One gives freely, yet gains even more; another withholds what is right, only to become poor.
I. THRIFTY SPENDING. All wise outlay of money is a form of thrift, The increase of capital depends upon the observance of certain laws and rules of prudence; and the prudence which enables to amass enables also to spend. Spending in works of benevolence is seldom known to impoverish a man, for it is seldom disjoined from calculation and economy in personal habits. But whether we can trace out the manner of the connection in every instance or not, it is real and profound. Wise distribution is the condition of steady increase. In the highest point of view benevolence is a "lending to the Lord."
II. UNTHRIFTY SAVING. stinginess tends to poverty, because it stints the energies. It springs from a false view of the value of money, or an exaggerated view. The true source of happiness, as of wealth, lies at last in the will, its energy, its industry. He who has so little faith in this as to put all his reliance on the mere means of living, may well become poor outwardly, as he certainly is inwardly.
III. THE SATISFACTION OF DOING GOOD. Here, again, we must look to the reflex effect of actions, The indirect results are the wider and the more important. From every free forth-going of the heart in acts of love and kindness there is a certain return into the heart. It is not sufficiently considered that whatever gives expansion to the mind - large views, broad sympathies - is so much gain in actual power. And again, that we cannot directly do much towards the removal of our own troubles, but obliquely may quell or diminish them by aiming at removing the troubles of others. Fulness of interests in the heart will not give room for grief to gnaw.
IV. SELFISHNESS AND GENEROSITY IN COMMERCE. (Ver. 26.) In time of dearth the avaricious proprietor, keeping back his corn to secure a higher price, brings down upon himself curses; while he who thinks of humanity more than of personal profit earns the blessings of the poor. The maxim that "business is business" is true, but may be pushed too far. If a trader profits by a war or scarcity, that is an accident; but it is not an accident, it is a crime, if he votes for war or interferes with the natural action of the market with a view to personal gain. If the same conditions of trade make the man rich which impoverish the many, he will feel it to be his duty to give the more out of his abundance. - J.
There is that scattereth, and yet increaseth.2 Corinthians 9:6).
I. THE DESCRIPTION OF PERSONS OF VERY OPPOSITE CHARACTERS. "Scatter" is the same word as "disperse" (Psalm 112:9). He that scatters is the liberal soul; the man who, with a free and generous spirit, labours to spread the most useful and extensive influence, by all manner of means; the man who is ready to distribute of his temporal substance for promoting religious and civil liberties and interests, for doing good to the souls and bodies of men, and, particularly, for relieving the necessitous and the distressed. We should manage our religious and charitable distributions, not with contrivance how to shift off our obligations and opportunities for them, but with devising how in the best manner to improve them; not with a grudging, but with a free and cheerful heart. On the contrary, he that withholds, keeps back, or spares, more than is meet or right, is the covetous man, whose narrow, selfish spirit will not suffer him cheerfully to pay his personal or his public debts, much less to practise beneficence at an expense that cannot be demanded by human laws. No arguments derived from humanity or Christianity can work his heart up to bear his proper proportion in generous and beneficent acts.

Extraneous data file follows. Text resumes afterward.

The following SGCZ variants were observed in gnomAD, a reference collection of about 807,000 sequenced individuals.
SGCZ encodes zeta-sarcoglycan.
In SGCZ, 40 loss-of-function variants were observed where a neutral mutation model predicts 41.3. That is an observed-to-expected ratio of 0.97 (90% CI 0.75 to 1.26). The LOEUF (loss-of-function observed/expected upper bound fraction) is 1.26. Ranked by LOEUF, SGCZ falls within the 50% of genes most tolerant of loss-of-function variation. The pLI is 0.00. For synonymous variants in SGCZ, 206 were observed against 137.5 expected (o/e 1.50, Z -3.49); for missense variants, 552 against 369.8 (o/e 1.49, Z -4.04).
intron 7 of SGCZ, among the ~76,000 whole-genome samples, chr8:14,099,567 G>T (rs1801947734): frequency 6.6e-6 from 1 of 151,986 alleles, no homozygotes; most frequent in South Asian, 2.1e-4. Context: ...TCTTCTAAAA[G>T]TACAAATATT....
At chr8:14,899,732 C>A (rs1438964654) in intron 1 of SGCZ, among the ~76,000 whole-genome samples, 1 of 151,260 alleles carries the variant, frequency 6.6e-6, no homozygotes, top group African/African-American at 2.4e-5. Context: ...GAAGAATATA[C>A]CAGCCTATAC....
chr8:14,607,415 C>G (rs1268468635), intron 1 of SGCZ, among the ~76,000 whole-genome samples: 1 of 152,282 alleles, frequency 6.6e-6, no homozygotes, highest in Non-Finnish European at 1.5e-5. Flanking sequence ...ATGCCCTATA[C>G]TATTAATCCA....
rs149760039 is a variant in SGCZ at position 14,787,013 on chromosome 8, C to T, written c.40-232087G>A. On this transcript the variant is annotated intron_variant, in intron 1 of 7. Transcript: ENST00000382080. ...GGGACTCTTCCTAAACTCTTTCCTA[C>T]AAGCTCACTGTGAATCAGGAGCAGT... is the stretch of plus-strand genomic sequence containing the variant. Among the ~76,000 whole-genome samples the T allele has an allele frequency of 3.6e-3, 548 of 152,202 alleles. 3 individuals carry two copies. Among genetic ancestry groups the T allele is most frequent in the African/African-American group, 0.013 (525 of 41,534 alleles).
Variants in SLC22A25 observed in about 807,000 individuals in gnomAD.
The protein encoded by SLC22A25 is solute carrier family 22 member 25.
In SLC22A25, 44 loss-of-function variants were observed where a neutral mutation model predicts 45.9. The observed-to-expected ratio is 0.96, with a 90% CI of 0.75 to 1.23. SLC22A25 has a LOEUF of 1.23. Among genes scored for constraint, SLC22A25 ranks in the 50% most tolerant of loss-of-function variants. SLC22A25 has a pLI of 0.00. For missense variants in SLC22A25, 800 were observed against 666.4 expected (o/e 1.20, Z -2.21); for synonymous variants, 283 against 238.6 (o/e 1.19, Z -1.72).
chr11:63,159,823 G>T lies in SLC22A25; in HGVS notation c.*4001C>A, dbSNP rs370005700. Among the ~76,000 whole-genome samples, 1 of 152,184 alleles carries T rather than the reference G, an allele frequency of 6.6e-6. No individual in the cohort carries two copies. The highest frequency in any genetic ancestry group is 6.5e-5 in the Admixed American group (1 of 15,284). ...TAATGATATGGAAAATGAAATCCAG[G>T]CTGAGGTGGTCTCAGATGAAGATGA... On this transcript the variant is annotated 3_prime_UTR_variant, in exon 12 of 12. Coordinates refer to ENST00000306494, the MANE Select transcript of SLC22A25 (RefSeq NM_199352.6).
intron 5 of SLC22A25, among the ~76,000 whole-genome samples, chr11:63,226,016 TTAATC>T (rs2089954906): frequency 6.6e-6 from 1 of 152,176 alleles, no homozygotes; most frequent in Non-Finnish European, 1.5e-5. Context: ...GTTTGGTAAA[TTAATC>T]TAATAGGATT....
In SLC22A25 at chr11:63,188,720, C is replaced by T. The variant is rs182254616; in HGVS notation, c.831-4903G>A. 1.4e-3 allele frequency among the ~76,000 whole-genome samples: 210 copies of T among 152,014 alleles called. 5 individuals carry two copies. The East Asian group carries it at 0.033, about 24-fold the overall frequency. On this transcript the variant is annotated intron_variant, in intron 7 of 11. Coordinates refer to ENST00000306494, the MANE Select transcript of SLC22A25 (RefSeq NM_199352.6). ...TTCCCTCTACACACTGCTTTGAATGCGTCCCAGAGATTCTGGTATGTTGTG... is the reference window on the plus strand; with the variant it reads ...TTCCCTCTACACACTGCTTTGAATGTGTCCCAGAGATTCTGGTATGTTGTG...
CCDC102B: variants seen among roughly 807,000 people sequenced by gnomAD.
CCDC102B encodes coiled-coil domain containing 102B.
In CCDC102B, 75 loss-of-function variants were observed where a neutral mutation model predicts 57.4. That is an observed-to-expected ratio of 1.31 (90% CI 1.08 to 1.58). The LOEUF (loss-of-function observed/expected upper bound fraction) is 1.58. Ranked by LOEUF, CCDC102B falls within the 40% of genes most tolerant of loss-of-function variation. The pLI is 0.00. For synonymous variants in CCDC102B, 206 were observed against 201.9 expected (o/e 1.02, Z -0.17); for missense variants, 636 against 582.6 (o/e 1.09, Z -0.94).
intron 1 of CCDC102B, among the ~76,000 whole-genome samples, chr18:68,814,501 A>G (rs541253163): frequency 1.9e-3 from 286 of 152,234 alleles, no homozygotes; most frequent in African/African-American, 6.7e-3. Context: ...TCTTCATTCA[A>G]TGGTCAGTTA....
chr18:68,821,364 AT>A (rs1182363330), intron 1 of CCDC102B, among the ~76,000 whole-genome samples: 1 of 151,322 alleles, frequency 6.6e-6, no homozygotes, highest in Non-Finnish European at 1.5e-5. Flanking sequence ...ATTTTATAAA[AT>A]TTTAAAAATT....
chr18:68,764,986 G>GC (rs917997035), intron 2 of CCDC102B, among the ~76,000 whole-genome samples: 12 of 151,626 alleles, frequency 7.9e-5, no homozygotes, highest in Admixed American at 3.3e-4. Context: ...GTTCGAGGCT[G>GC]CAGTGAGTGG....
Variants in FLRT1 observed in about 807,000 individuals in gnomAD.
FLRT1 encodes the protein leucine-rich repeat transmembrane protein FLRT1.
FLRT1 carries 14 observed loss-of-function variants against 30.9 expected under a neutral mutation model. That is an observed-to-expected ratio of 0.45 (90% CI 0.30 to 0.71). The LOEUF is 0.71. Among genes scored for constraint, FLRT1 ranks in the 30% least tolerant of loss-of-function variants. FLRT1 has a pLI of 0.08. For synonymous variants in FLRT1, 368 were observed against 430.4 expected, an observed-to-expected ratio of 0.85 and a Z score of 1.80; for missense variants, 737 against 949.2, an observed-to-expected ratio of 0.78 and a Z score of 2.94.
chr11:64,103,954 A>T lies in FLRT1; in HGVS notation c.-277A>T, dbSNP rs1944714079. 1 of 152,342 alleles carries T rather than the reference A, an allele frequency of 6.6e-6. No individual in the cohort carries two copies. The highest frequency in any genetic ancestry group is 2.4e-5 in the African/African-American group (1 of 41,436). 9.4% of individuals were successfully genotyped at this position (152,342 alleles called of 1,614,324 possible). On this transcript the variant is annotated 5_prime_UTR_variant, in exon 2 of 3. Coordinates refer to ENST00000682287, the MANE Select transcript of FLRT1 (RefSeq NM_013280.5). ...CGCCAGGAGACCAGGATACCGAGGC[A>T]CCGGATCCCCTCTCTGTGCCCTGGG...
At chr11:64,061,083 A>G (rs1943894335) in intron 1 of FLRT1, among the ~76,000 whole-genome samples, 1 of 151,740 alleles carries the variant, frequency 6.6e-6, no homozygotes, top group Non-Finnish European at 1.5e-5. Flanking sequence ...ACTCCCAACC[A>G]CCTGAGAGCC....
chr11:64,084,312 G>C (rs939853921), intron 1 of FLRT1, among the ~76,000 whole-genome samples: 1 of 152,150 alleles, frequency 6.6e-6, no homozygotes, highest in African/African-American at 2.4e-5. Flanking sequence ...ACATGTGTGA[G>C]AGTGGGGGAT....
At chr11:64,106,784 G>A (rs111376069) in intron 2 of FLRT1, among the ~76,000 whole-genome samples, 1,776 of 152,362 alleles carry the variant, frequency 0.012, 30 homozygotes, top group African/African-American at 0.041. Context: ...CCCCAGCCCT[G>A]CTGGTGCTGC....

II. WHAT IS AFFIRMED OF THESE PERSONS RESPECTIVELY. We might consider this increase and want with respect to our best interests, that relate to the enrichment of the soul in goodness. Distributing enlarges the heart, and makes it open, free, and generous, with growing propensions to every good work. The man who withholds is poor-spirited; he has a contracted soul; he is destitute of those amiable graces by which our God and Saviour are most conspicuously imitated and glorified. We may also consider this increase and want with respect to our worldly substance. That is not lessened but improved by distributions on all proper occasions. Withholdings, more than is meet, ever tend to poverty and want. God's blessing on the generous comes either as a visible increase of their outward estates, or as a secret increase of the inward contentment of their own minds. Those who are of a covetous temper, do not enjoy what they possess. According to a just estimation of things, they are no richer by all their silver and gold than if it still lay in the ore of the Indian mines.
III. ACCOUNT FOR THE TRUTH OF BOTH THESE PROPOSITIONS. Every virtuous, spiritual, and holy disposition of the soul increases by frequent and proper exercise; and loses its force and vigour, and aptness for action, by disuse and neglect. This is common to all principles and habits of the moral or religious and supernatural kind.
1. The blessing of God is upon them that scatter, and His blast is upon them that withhold more than is meet.
2. The friendship of men is toward them that scatter, and their disaffection toward those who withhold more than is meet.
(J. Guyse, D.D.)
(W. Arnot, D.D.)
I. THE LIBERAL MAN, AND WHAT HE GETS FROM HIS LIBERALITY. The man here is living in the midst of dependent fellow-creatures, and uses his property in relieving them. Here seems to be the idea of a husbandman throwing his seed in every direction where it may be profitable. The liberal man looks abroad, and where his money is wanted, and where it is likely to do good, there he gives it with the greatest cheerfulness of mind. This is what ought to be. We are not required to give away when we have not in reality the power to do so; but when we possess the power the duty is incumbent. We must "scatter" for the blessing of others. A notion prevails that if we give liberally to others, we hurt ourselves. We are, indeed, told to "do good, hoping for nothing again," yet we may urge as an encouragement that, in sowing the seeds of kindness, we are sure to reap a personal benefit. The men who have been most liberal have, in a general way, prospered most in their worldly undertakings; and certainly they have been rewarded with growth in grace, and a large measure of peace, confidence, and joy in their own souls.